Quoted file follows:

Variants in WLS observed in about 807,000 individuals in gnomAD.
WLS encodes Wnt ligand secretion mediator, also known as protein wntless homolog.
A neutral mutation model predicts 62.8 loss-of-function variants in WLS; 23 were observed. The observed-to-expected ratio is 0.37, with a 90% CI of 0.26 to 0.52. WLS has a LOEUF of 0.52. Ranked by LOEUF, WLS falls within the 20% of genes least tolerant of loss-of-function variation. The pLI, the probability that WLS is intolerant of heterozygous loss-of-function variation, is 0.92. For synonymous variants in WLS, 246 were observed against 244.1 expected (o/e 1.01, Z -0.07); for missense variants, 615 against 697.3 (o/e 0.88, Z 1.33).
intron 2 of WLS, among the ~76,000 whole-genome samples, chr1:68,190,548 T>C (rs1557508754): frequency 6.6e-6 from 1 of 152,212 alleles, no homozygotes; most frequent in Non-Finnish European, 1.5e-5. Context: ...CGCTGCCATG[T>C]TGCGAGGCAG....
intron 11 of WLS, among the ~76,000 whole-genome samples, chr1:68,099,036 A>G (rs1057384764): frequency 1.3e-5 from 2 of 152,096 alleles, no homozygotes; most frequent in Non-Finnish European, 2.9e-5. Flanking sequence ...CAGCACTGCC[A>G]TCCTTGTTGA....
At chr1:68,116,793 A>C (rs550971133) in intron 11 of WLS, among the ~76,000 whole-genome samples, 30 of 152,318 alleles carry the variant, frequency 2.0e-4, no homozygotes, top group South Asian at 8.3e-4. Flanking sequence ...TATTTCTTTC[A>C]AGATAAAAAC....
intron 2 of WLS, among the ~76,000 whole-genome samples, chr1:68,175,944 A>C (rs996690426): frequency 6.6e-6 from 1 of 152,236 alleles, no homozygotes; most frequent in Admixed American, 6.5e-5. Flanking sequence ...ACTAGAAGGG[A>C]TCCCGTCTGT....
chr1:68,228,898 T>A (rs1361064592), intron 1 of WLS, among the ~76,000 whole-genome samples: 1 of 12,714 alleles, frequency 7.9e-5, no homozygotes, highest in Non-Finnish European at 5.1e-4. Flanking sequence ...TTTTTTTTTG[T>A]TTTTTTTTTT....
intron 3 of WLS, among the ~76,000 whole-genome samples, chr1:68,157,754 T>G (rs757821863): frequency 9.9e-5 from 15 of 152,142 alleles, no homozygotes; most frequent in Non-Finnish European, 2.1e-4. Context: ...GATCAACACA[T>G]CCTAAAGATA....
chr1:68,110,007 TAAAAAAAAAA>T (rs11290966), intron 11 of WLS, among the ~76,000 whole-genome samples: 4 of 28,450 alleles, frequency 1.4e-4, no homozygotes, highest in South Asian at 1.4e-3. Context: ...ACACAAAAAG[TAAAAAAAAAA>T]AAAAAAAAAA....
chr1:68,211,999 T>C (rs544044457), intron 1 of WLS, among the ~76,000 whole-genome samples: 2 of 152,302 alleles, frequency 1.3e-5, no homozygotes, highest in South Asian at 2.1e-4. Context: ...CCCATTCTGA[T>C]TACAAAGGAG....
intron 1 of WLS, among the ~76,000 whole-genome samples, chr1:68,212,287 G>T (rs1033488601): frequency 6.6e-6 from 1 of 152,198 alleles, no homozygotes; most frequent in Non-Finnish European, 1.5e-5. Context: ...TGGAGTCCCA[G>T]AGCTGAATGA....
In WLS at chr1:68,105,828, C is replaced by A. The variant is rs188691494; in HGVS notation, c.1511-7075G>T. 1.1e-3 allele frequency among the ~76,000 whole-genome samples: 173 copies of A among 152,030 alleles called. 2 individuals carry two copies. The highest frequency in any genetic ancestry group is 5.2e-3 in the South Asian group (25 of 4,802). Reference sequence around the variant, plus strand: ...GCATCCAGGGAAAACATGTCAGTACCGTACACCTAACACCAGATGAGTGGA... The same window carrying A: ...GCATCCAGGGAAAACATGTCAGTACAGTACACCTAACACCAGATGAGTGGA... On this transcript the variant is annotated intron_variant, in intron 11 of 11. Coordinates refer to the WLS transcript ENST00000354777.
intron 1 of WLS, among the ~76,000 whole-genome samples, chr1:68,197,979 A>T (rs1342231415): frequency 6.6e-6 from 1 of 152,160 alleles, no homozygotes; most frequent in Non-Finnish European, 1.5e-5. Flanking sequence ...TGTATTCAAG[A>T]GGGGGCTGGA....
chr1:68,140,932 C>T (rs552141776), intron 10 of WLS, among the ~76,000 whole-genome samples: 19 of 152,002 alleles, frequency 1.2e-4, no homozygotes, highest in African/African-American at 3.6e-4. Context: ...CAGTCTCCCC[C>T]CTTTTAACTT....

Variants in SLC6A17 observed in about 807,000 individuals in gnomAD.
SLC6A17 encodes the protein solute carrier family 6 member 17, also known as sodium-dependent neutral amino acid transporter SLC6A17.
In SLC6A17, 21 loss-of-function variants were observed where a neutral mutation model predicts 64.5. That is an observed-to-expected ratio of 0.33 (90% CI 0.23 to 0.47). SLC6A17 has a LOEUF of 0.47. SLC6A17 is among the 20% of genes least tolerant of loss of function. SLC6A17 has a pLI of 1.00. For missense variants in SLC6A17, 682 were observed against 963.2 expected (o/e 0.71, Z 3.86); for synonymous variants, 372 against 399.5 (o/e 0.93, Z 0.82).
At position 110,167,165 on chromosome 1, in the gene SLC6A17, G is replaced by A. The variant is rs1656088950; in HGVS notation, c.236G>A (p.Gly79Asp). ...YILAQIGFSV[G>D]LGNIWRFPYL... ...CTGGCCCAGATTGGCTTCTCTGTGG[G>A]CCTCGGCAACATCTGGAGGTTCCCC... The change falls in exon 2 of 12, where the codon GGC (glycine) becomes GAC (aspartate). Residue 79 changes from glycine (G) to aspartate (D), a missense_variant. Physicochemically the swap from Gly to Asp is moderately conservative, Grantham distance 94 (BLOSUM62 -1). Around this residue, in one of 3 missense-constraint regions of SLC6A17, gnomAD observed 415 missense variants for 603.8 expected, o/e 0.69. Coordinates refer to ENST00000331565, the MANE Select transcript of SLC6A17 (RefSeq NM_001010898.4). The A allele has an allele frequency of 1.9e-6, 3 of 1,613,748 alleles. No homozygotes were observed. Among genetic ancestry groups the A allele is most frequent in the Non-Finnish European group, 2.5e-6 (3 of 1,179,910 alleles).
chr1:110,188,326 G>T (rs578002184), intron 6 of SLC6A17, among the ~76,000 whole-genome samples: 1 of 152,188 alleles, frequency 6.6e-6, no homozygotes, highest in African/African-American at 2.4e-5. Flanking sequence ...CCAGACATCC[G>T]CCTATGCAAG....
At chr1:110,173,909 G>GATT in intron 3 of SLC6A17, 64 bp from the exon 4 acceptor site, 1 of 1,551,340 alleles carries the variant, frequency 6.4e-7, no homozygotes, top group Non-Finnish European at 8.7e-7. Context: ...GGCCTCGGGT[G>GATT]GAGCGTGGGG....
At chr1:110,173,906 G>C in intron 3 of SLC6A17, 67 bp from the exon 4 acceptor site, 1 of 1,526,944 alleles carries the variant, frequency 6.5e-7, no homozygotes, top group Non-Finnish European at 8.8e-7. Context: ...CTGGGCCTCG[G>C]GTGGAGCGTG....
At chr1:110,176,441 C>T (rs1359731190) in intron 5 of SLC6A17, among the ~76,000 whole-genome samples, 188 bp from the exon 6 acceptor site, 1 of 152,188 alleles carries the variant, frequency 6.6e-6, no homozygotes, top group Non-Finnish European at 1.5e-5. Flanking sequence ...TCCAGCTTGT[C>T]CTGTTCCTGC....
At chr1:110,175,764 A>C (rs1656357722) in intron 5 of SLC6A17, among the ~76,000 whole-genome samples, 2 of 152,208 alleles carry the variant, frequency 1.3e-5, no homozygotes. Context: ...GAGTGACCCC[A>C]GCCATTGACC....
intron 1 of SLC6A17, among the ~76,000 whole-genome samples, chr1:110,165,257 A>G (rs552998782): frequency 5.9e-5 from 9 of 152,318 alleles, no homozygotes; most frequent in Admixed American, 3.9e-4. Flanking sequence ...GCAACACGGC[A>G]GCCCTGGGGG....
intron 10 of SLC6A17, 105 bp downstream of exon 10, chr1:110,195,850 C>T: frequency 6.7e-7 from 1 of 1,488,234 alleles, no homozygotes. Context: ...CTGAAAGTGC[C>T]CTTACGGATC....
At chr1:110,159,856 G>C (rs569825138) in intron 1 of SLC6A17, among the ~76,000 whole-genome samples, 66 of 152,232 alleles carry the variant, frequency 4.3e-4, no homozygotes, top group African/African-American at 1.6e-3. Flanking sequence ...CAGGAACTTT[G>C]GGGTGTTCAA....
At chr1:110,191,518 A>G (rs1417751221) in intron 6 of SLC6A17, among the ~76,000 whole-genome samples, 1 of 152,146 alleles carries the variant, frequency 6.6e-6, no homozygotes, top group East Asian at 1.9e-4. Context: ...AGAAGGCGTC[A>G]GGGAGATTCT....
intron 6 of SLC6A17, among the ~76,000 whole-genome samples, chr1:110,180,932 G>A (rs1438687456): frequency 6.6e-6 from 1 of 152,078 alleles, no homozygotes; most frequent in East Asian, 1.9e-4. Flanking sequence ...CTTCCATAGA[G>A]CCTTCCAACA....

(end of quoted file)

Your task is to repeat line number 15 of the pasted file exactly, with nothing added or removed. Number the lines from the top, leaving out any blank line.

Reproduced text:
chr1:68,140,932 C>T (rs552141776), intron 10 of WLS, among the ~76,000 whole-genome samples: 19 of 152,002 alleles, frequency 1.2e-4, no homozygotes, highest in African/African-American at 3.6e-4. Context: ...CAGTCTCCCC[C>T]CTTTTAACTT....